As the first half of the NBA season draws to a close, the San Antonio Spurs sit comfortably in a familiar spot, atop the West and the rest of the league. At 41-12, the Spurs have recently overtaken the West's previous leaders—the Oklahoma City Thunder—sporting an 11-game win streak that was recently snapped.
More impressive than the streak itself, however, is the manner in which the team has achieved it. Despite recent injuries to All-Star Tim Duncan and veteran shooting guard, Manu Ginobili, the Spurs have failed to let the predicament impact their success.
Throughout the 11-game win streak, as well as the team's pair of wins following its unexpected loss to the Detroit Pistons, the shorthanded team has found other reliable players, proving that even without the service of two of its most vital contributors, it is an undeniably competitive squad.
The primary reason for the Spurs' unyielding dominance has been the superstar effort of their All-Star point guard, Tony Parker. Parker has recently bolstered his case as an MVP candidate, increasing his already-amazing campaign by picking up the slack left by the absent stars.
Over the previous 10 games, Parker has averaged over 25 points on 58 percent shooting in addition to just under 10 assists per contest. His scoring efficiency is easily the best among starting point guards. He hasn't only been efficient with his scoring, though, since he has been doing so at an extremely high rate.
He has completely taken over opposing defenses, whether it be by scoring or passing, or—in some instances—a remarkable combination of the two.
Against the Brooklyn Nets, Parker exploded for 29 points, 11 assists and no turnovers. Prior to that, he sported a back-to-back pair of 31-point games preceded by a 19-point, 12-assist contest in which the Spurs lost Duncan for an extended period of time.
Many teams would have fallen apart without an All-Star, but the Spurs—being lucky enough to have a second on their roster—were carried by Parker, who is rising rapidly on the MVP ladder.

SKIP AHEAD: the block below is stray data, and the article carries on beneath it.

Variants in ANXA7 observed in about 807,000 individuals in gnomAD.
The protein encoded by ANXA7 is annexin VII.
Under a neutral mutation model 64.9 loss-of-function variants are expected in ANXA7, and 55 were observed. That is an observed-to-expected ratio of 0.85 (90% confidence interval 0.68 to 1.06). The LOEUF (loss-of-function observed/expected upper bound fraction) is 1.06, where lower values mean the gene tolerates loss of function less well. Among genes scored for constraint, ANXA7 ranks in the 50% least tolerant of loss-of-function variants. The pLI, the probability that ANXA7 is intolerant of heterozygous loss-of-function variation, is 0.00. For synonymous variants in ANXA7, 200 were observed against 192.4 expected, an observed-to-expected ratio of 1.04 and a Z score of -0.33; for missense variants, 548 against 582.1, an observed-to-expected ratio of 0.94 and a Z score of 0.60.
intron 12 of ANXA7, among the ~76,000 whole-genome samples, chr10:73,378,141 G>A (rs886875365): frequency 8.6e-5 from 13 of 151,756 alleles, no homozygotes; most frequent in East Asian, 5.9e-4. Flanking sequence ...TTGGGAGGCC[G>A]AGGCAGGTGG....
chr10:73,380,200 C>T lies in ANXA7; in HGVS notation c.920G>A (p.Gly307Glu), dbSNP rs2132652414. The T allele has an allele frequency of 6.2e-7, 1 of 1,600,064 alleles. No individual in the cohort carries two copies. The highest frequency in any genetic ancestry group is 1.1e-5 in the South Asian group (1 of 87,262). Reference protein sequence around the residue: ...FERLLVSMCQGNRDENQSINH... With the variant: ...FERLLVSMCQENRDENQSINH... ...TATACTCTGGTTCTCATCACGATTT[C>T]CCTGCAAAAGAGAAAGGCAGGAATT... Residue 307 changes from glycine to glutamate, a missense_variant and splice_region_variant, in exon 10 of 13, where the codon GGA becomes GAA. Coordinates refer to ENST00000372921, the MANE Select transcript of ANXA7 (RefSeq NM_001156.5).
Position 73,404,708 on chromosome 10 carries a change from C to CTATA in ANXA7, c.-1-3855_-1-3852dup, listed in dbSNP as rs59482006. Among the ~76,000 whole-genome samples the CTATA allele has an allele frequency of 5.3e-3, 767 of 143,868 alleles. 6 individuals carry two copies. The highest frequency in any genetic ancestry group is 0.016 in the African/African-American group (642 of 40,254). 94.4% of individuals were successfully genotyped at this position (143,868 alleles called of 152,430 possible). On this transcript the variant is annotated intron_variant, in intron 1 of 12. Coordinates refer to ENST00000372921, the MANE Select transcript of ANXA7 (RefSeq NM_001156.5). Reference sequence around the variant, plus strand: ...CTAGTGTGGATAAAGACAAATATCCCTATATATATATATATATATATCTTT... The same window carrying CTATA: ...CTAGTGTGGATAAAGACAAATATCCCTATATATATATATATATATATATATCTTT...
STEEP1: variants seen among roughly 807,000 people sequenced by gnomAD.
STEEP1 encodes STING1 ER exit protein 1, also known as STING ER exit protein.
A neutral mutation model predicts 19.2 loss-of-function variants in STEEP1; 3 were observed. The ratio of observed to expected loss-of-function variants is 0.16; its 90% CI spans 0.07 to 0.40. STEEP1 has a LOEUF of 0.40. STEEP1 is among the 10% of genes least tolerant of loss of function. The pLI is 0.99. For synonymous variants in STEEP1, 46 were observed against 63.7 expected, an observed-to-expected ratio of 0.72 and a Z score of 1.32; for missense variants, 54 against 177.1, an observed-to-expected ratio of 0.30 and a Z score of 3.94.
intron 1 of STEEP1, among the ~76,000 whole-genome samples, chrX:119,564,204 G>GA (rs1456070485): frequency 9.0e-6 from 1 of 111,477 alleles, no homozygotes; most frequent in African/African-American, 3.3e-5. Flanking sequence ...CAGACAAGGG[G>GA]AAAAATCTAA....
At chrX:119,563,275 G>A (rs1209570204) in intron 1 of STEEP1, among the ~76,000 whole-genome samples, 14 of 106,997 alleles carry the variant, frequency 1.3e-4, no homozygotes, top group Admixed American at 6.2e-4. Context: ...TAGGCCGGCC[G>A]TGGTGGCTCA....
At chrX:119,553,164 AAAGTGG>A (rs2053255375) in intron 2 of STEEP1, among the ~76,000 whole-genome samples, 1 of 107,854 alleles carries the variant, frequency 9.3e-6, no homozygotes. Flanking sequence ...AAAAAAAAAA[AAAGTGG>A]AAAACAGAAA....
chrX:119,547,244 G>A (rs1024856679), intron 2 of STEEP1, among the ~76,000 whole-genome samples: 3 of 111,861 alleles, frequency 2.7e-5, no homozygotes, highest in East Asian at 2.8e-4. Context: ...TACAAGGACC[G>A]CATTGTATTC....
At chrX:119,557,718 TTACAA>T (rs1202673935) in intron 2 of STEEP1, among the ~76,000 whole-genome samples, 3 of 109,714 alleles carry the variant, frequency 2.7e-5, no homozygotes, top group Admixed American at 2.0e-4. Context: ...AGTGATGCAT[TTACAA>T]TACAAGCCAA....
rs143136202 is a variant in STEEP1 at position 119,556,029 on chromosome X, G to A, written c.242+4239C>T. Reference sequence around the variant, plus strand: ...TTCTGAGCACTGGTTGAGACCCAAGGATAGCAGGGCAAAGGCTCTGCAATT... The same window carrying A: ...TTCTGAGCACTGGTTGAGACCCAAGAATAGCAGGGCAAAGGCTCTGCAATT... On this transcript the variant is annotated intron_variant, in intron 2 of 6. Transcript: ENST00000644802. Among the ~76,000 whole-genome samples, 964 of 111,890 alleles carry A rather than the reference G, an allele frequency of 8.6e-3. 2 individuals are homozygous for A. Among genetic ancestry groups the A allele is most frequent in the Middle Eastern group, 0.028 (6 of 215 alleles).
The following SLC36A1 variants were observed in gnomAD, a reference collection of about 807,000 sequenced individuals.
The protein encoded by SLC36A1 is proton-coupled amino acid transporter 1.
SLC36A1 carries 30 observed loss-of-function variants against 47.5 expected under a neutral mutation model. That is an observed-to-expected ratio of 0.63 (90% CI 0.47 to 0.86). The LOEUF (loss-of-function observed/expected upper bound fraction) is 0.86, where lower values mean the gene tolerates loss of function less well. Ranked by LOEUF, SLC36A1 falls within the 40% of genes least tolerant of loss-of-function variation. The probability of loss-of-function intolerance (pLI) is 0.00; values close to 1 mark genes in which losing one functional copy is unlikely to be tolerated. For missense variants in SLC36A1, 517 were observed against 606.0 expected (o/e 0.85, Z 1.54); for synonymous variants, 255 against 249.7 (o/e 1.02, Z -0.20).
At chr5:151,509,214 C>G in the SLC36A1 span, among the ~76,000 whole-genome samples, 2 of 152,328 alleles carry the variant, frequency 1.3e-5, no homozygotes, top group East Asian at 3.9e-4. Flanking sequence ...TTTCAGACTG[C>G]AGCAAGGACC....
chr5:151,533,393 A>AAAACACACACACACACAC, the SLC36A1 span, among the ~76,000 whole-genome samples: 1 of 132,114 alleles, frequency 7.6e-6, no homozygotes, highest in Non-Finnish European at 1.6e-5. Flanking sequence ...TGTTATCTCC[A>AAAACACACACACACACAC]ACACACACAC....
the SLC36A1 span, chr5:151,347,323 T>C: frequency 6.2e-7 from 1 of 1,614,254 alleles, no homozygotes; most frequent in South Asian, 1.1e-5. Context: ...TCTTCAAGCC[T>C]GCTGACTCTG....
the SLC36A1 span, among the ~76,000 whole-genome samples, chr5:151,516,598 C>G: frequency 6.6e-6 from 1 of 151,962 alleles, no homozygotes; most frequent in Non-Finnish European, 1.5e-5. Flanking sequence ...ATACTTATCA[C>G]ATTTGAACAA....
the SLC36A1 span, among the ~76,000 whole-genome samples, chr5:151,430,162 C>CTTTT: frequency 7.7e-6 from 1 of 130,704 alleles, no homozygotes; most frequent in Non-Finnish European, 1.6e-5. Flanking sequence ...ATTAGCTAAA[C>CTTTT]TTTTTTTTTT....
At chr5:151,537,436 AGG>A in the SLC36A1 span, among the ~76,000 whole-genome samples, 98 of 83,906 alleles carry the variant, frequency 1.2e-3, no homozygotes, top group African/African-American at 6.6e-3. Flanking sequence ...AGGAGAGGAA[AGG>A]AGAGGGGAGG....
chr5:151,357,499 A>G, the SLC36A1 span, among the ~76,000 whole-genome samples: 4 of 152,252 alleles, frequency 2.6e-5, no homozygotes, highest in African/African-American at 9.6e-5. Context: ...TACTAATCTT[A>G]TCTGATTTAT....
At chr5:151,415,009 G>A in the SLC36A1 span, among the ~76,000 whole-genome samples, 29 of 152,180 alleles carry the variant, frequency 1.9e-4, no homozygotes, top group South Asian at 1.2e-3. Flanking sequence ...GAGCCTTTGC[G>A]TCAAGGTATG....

Kawhi Leonard and Danny Green
Despite his talents, Parker hasn't been the sole reason for the Spurs' continued success in wake of Duncan and Ginobili's injuries. As evidenced by the team's surprising win over the Chicago Bulls without Parker, the team has plenty of weapons outside of the Big Three.
In the Chicago instance, Kawhi Leonard became to go-to guy, pacing the Spurs to a 103-89 victory, in which he scored 26 points on 61-percent shooting. The game marked his fifth in six contests in which he has reached double figures in scoring.
Leonard has also demonstrated a rebounded prowess recently, filling in for the team's hurt big man by dominating on the glass—with a pair of double-digit rebounding nights in addition to a handful of other impressive performances.
Leonard hasn't been the only non-core player who has shined individually. Danny Green has been incredibly impressive as of the late, averaging 18 points since Duncan's injury.
He has also been incredibly efficient from beyond the arc, shooting 60 percent from long range. Against the Minnesota Timberwolves, Green exploded for 28 points, a career high. He also shot 8-12 from three-point land.
Even when the nucleus is present, role-players like Green and Leonard have been excellent contributors, but in light of an injury plague, these players, specifically the aforementioned, have really gone the extra-mile in helping to carry the teams.
Given the exceptional caliber at which Duncan has been playing, finding someone of equal talents to replace him isn't feasible. That said, Duncan's partner in the post, Tiago Splitter, has done anything but disappoint.
Splitter, whose improvement has been visible all season long, has really come into his own as of the late, scoring efficiently and often, while also controlling the boards and being an active participant on the defensive end.
From a scoring perspective, Splitter currently boasts a double-digit streak that dates back to January 7, in which the team suffered a defeat at the hands of the New Orleans Hornets.
Since then, Splitter has become a consistent scorer and has been excellent both with and without Duncan. Though Parker hasn't struggled in dominating the scoreboard, Splitter has played a Duncan-like role on the offensive end, constantly using the pick-and-roll to find open looks beneath the rim, or to free up Parker for a deuce of his own.
Splitter isn't going to win you too many games alone, but over the past few contests, he has certainly demonstrated a strong ability to lead the post and contribute actively in every aspect.
As the Spurs prepare to enter the All-Star break, they'll have to finish off their annual Rodeo Road Trip, a grueling set of away games in which the team has had an extremely successful history. Currently 3-1, they have just over half of the trip left, in which they will face playoff teams such as the Los Angeles Clippers and the Golden State Warriors.
The injury status of Tim Duncan and Manu Ginobili remains up in the air, but with coach Gregg Popovich declaring his disinterest in rushing back his stars, it is hard to pinpoint a return date in the next game or two.
Even so, the Spurs have performed excellently without the two, and with so many weapons, they remain a talented squad even when they are shorthanded.
Success has been frequent as of the late, and with the team playing at a high level, one can only expect similar results for the rest of the road trip.